While kinship has traditionally held a vibrant conceptual life in anthropological inquiry, more recent studies on kinship as a form of spiritual relationality have opened up a new space of interdisciplinary exploration for political theology.
…dialogues between these two disciplines have revolved around anthropology’s socially situated “is” and theology’s normative “ought,” asking how these disciplines can take what they are allegedly missing from each other. In this way, anthropology and theology recapitulate a much broader divide between religion (as a moral realm) and science (as a purely descriptive domain). This division is fairly recent, growing up since the late nineteenth century (Numbers 2010), but it is now part of our common-sense. I want to question this division in what follows.
The best place to begin in bringing theology and anthropology closer together is with someone who did not write as if the two were separate, even opposed disciplines. Zora Neale Hurston carried out ethnographic fieldwork on behalf of Franz Boas, and yet, writing in multiple genres, articulated a theological vision that meshed the universal God with particular human experience: “Nothing that God ever made is the same thing to more than one person.”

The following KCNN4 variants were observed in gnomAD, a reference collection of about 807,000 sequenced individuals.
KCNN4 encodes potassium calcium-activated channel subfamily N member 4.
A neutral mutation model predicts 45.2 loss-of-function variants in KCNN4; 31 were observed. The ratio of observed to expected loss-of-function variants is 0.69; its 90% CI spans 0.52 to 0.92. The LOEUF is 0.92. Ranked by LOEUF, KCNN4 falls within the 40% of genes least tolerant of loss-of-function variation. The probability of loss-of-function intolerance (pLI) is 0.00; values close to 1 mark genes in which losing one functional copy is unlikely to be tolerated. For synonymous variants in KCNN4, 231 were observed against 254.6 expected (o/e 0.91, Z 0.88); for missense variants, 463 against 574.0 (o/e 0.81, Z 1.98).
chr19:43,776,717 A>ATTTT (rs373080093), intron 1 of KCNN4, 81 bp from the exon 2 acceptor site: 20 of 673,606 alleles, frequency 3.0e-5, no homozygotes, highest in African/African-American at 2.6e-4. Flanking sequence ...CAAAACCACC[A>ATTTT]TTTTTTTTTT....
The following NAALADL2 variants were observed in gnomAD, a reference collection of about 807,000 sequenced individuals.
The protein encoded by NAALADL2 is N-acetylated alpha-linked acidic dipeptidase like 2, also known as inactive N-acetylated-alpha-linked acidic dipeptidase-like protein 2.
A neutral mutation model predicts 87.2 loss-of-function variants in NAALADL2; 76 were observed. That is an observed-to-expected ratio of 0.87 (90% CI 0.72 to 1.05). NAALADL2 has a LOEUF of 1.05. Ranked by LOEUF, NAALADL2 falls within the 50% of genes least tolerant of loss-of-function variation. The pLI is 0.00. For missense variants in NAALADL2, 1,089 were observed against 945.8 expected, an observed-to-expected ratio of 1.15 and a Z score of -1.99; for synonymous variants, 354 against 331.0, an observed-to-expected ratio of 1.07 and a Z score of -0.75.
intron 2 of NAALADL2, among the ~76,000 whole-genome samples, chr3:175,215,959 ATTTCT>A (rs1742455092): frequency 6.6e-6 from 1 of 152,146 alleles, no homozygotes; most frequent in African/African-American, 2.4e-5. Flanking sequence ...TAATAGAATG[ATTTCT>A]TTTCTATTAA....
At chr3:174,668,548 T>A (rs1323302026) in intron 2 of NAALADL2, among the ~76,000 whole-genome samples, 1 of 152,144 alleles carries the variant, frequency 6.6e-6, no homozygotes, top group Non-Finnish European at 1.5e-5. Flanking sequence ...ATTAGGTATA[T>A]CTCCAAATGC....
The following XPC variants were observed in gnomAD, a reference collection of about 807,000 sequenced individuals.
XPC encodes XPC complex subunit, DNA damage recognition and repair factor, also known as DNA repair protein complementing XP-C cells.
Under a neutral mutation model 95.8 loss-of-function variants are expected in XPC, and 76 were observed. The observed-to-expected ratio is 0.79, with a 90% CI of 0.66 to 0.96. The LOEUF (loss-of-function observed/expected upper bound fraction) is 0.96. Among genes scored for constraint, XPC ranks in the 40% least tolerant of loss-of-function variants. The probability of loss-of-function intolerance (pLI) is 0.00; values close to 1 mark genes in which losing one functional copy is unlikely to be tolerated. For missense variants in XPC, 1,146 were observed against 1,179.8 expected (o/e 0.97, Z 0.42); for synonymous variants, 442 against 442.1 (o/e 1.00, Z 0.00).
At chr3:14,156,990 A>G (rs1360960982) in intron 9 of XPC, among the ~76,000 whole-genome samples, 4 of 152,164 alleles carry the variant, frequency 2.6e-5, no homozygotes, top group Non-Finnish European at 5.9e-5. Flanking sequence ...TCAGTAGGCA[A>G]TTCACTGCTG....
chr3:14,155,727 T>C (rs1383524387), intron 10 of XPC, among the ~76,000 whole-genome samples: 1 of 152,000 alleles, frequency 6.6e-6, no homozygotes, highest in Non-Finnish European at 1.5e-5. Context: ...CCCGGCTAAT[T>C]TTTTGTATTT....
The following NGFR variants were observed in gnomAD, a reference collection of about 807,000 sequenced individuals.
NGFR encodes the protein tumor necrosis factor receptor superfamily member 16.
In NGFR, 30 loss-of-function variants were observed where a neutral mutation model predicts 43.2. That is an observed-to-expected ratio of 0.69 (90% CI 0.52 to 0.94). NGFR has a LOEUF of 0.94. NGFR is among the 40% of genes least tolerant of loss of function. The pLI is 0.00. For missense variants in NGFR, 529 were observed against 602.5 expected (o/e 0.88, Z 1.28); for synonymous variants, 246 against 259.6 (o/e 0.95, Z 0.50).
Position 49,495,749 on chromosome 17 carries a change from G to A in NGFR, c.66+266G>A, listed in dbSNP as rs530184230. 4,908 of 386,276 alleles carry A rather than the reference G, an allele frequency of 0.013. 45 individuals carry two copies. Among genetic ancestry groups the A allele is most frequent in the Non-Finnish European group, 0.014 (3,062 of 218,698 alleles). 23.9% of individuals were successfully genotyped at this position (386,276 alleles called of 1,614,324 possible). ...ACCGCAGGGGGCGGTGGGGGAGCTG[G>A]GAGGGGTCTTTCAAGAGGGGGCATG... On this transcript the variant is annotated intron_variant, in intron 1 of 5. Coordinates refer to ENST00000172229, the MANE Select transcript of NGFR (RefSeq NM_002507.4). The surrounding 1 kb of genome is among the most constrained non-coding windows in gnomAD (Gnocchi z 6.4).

A common denominator among most scholarship on the relationship between theology and anthropology is lack of specificity around which and whose anthropology and theology we’re talking about. This overly generalized frame has privileged white, male, Eurocentric intellectual traditions and misses the generative possibilities of a more specific interdisciplinary exchange.
This intervention invites to think active dis-imagination, in mystical and contemporary traditions, as a grounding political force.
Combinations of theology and anthropology have been criticized for losing track of what theology ought to be about. Yet this loss might be precisely what enables scholars to understand political practices which point towards that which escapes both the theological and the anthropological grasp—a pointer which could be crucial to fashion solidarities that connect faiths in the pursuit of justice.
This article explains how insights from recent research in cognitive science can be used to rethink the related phenomena of traditional Islamic ethics and modern Islamist socio-political movements.
Why has political theology been so resistant to addressing questions of sex, gender, and sexuality in any serious way? Are there any intersections between queer feminist criticism and political theology, and what would it look like if the two methods were brought together?